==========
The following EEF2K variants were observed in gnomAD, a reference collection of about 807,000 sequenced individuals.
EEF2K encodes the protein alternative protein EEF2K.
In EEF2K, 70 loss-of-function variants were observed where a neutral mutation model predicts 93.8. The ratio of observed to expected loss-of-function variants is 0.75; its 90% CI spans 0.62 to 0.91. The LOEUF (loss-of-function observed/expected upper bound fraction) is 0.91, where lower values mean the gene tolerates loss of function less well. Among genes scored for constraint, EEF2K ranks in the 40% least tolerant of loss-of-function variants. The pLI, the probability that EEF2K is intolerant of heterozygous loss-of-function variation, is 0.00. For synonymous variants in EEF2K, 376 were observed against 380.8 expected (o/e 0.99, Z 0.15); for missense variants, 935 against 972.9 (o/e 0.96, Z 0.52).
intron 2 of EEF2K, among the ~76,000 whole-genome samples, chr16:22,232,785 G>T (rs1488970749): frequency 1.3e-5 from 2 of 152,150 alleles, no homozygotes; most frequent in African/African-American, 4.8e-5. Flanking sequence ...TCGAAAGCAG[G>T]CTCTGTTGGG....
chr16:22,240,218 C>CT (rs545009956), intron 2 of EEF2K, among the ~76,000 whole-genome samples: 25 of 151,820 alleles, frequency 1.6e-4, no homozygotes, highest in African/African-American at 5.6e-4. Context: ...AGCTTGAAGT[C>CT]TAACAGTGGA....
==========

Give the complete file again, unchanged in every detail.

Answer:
The following EEF2K variants were observed in gnomAD, a reference collection of about 807,000 sequenced individuals.
EEF2K encodes the protein alternative protein EEF2K.
In EEF2K, 70 loss-of-function variants were observed where a neutral mutation model predicts 93.8. The ratio of observed to expected loss-of-function variants is 0.75; its 90% CI spans 0.62 to 0.91. The LOEUF (loss-of-function observed/expected upper bound fraction) is 0.91, where lower values mean the gene tolerates loss of function less well. Among genes scored for constraint, EEF2K ranks in the 40% least tolerant of loss-of-function variants. The pLI, the probability that EEF2K is intolerant of heterozygous loss-of-function variation, is 0.00. For synonymous variants in EEF2K, 376 were observed against 380.8 expected (o/e 0.99, Z 0.15); for missense variants, 935 against 972.9 (o/e 0.96, Z 0.52).
intron 2 of EEF2K, among the ~76,000 whole-genome samples, chr16:22,232,785 G>T (rs1488970749): frequency 1.3e-5 from 2 of 152,150 alleles, no homozygotes; most frequent in African/African-American, 4.8e-5. Flanking sequence ...TCGAAAGCAG[G>T]CTCTGTTGGG....
chr16:22,240,218 C>CT (rs545009956), intron 2 of EEF2K, among the ~76,000 whole-genome samples: 25 of 151,820 alleles, frequency 1.6e-4, no homozygotes, highest in African/African-American at 5.6e-4. Context: ...AGCTTGAAGT[C>CT]TAACAGTGGA....